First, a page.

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Petroleum: Properties, Density, Distillation, Composition, Paraffins


Petroleum: Properties, Density, Distillation, Composition, Paraffins

Properties of Petroleum

Petroleum is not a single substance. There are hundreds of different crude oils with a wide range of physical and chemical properties; properties vary with location, depth, and age of the oil field. Informally, crudes are named for their source and some key characteristics; examples include Brent, West Texas Sour, West Hackberry Sweet, and Arabian Heavy.


Formally, crudes are defined by a crude assay, as described in a subsequent section. The “sweet” and “sour” deserve comment. In the old days, prospectors characterized crude oil by tasting it. Sour crudes have more sulfur, which gives them a tart taste.



Density, Distillation, and Elemental Composition

As produced, crudes contain varying amounts of dissolved gas, water, inorganic salts, and dirt. After these are removed, what remains is an exceedingly complex mixture of chemicals, mostly organic hydrocarbons containing nothing but hydrogen and carbon. The other organic molecules contain hetero-atoms—sulfur, oxy- gen, and nitrogen, and/or trace elements (Ni, V, Fe, Cu, Hg, As, etc.). Processing costs are higher for crudes with high density and large amounts of sulfur, nitrogen, and trace contaminants.


To illustrate how widely crude properties vary, Table 5 presents the density, sulfur, and nitrogen content of 21 example oils. The data from Table 5 are presented graphically   in Fig. 10. Both sulfur and nitrogen correlate inversely with API gravity, but for this particular collection, the correlations are rough, especially for sulfur. Sulfur contents range from 0.03 wt% for Tapis to 5.3 wt% for Boscan, and nitrogen contents range from nil for Tapis to 0.81 wt% for California Beta. Specific gravities range from 0.798 for Tapis to 1.014 for Athabasca. By definition, Athabasca is “extra heavy oil,” because its specific gravity is >1.0.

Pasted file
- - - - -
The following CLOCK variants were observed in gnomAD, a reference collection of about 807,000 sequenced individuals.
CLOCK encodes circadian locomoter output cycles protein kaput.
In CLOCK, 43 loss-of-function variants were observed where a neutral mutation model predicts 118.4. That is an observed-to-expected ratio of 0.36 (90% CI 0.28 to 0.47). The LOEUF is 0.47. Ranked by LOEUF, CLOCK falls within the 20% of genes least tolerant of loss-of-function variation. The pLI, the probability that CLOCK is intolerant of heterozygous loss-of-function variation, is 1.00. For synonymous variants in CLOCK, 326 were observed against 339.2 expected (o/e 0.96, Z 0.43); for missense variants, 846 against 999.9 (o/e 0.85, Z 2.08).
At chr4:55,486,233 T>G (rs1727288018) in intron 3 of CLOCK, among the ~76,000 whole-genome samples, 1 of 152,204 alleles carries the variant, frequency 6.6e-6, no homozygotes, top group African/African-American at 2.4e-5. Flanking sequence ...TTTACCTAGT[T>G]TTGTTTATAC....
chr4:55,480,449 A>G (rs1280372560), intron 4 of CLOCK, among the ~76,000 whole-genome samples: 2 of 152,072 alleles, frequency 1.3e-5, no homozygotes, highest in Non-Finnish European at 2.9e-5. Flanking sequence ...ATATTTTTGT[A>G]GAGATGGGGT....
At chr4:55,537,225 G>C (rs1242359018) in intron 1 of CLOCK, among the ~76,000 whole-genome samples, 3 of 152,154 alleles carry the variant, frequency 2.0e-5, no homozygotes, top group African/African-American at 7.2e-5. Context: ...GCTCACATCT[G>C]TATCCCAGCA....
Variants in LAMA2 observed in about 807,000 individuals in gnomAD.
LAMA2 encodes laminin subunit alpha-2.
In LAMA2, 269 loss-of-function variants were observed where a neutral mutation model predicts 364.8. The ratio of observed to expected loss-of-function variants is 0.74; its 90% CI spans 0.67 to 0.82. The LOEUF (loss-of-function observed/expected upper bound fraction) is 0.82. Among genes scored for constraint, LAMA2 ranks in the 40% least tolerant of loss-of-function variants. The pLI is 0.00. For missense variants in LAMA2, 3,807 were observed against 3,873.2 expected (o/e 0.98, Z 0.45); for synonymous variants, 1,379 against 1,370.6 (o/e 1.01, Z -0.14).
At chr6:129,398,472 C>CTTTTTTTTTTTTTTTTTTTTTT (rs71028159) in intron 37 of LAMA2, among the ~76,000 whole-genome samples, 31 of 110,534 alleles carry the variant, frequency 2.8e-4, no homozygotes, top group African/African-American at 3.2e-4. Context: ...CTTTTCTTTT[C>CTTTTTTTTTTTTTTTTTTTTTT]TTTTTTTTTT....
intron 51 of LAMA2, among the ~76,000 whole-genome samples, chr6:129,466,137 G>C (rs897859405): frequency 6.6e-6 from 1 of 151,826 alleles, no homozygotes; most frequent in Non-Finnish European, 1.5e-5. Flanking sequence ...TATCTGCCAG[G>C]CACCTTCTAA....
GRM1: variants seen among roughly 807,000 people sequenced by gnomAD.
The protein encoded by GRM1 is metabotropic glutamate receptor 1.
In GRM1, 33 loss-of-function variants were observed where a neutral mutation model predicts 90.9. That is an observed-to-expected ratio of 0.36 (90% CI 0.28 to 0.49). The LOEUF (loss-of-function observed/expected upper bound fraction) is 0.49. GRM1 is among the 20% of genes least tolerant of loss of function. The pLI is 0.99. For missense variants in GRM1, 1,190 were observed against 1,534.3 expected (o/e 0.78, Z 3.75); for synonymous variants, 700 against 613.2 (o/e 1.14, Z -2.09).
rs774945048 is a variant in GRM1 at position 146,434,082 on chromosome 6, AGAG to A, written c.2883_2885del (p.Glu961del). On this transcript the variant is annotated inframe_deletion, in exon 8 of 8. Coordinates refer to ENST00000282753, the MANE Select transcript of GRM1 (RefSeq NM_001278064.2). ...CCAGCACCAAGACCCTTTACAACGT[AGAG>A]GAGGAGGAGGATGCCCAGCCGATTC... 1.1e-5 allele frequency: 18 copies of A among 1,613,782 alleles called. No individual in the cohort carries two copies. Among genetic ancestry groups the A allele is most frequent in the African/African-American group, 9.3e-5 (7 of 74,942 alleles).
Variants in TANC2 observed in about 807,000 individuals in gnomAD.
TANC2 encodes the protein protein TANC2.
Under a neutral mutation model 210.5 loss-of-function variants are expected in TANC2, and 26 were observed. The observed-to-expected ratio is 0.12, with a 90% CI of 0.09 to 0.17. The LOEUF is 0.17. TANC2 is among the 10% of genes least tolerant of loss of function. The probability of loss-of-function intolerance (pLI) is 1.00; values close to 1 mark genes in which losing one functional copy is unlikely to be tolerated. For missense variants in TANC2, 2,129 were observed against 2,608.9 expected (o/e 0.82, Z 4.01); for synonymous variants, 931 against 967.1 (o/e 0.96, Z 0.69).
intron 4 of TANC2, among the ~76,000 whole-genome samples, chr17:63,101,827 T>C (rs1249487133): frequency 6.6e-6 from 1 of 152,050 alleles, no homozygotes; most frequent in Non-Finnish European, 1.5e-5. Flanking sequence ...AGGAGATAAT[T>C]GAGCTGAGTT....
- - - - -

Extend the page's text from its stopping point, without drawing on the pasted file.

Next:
In other words, it sinks in water. For “heavy oil,” the specific gravity falls between 1.0 and 0.934. The dynamic viscosities of heavy oils range from about 5000 to 10,000 centipoise (cP).


Table 5 Density, sulfur, and nitrogen content of 21 crude oils

Table 5 Density, sulfur, and nitrogen content of 21 crude oils


Fig. 10 Sulfur and nitrogen versus API gravity for selected crude oils

Fig. 10 Sulfur and nitrogen versus API gravity for selected crude oils


Distillation yields are an exceptionally important property of petroleum, because they indicate relative amounts of low-boiling fractions—naphtha (which can become gasoline), kerosene (which can become jet fuel), and gas oil (which can become diesel).


Table 6 Distillation yields for four selected crude oils

Table 6 Distillation yields for four selected crude oils


Markets are limited for direct use of higher boiling fractions—atmospheric residue, vacuum gas oils, and vacuum residue-so there is a large incentive to convert them into lighter products with greater value. Table 6 shows distillation data for four common crudes. Brent contains twice as much naphtha as Ratawi, and its vacuum residue content is 60% lower. Of the four, Bonny Light yields the most middle distillate and the least vacuum residue.

Distillation cutpoints for Table 6 are as follows:

Table 6 Distillation yields for four selected crude oils


Molecular Composition

More than any other element, carbon binds to itself to form straight chains, branched chains, rings, and complex three-dimensional structures. The most complex molecules are biological—proteins, carbohydrates, fats, and nucleic acids. This is significant, because petroleum was formed from the remains of ancient microorganisms— primarily plankton and algae. As they aged in sediments under elevated temperature and pressure, these biomolecules lost olefinic and hetero- atom functional groups, leaving behind hydrocarbon skeletons.